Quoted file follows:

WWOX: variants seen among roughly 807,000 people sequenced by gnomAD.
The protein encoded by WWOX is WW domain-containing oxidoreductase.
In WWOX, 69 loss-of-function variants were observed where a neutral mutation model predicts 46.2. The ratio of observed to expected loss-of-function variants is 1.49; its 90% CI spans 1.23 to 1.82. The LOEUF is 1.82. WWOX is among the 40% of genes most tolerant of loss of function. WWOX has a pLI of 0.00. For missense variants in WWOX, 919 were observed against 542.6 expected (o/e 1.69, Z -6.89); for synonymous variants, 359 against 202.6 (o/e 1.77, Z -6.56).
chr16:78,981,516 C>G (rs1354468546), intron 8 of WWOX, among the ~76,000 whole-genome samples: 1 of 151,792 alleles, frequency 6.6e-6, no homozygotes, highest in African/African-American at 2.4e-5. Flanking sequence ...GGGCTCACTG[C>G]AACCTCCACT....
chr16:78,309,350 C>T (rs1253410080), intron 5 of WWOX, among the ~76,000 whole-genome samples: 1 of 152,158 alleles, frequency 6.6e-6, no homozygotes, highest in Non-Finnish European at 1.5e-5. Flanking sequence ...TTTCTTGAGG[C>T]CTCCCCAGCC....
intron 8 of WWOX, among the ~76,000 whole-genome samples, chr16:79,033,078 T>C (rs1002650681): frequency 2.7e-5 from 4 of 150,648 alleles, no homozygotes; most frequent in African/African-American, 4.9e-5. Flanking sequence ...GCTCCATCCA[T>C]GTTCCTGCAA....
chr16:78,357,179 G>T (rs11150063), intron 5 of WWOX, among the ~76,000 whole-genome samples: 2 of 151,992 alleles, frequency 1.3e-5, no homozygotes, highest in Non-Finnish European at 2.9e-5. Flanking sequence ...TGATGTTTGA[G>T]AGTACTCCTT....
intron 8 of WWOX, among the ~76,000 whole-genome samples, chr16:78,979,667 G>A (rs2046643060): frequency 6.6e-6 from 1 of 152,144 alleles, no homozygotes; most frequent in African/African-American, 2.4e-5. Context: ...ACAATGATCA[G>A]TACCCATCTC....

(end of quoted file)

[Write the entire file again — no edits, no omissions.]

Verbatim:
WWOX: variants seen among roughly 807,000 people sequenced by gnomAD.
The protein encoded by WWOX is WW domain-containing oxidoreductase.
In WWOX, 69 loss-of-function variants were observed where a neutral mutation model predicts 46.2. The ratio of observed to expected loss-of-function variants is 1.49; its 90% CI spans 1.23 to 1.82. The LOEUF is 1.82. WWOX is among the 40% of genes most tolerant of loss of function. WWOX has a pLI of 0.00. For missense variants in WWOX, 919 were observed against 542.6 expected (o/e 1.69, Z -6.89); for synonymous variants, 359 against 202.6 (o/e 1.77, Z -6.56).
chr16:78,981,516 C>G (rs1354468546), intron 8 of WWOX, among the ~76,000 whole-genome samples: 1 of 151,792 alleles, frequency 6.6e-6, no homozygotes, highest in African/African-American at 2.4e-5. Flanking sequence ...GGGCTCACTG[C>G]AACCTCCACT....
chr16:78,309,350 C>T (rs1253410080), intron 5 of WWOX, among the ~76,000 whole-genome samples: 1 of 152,158 alleles, frequency 6.6e-6, no homozygotes, highest in Non-Finnish European at 1.5e-5. Flanking sequence ...TTTCTTGAGG[C>T]CTCCCCAGCC....
intron 8 of WWOX, among the ~76,000 whole-genome samples, chr16:79,033,078 T>C (rs1002650681): frequency 2.7e-5 from 4 of 150,648 alleles, no homozygotes; most frequent in African/African-American, 4.9e-5. Flanking sequence ...GCTCCATCCA[T>C]GTTCCTGCAA....
chr16:78,357,179 G>T (rs11150063), intron 5 of WWOX, among the ~76,000 whole-genome samples: 2 of 151,992 alleles, frequency 1.3e-5, no homozygotes, highest in Non-Finnish European at 2.9e-5. Flanking sequence ...TGATGTTTGA[G>T]AGTACTCCTT....
intron 8 of WWOX, among the ~76,000 whole-genome samples, chr16:78,979,667 G>A (rs2046643060): frequency 6.6e-6 from 1 of 152,144 alleles, no homozygotes; most frequent in African/African-American, 2.4e-5. Context: ...ACAATGATCA[G>A]TACCCATCTC....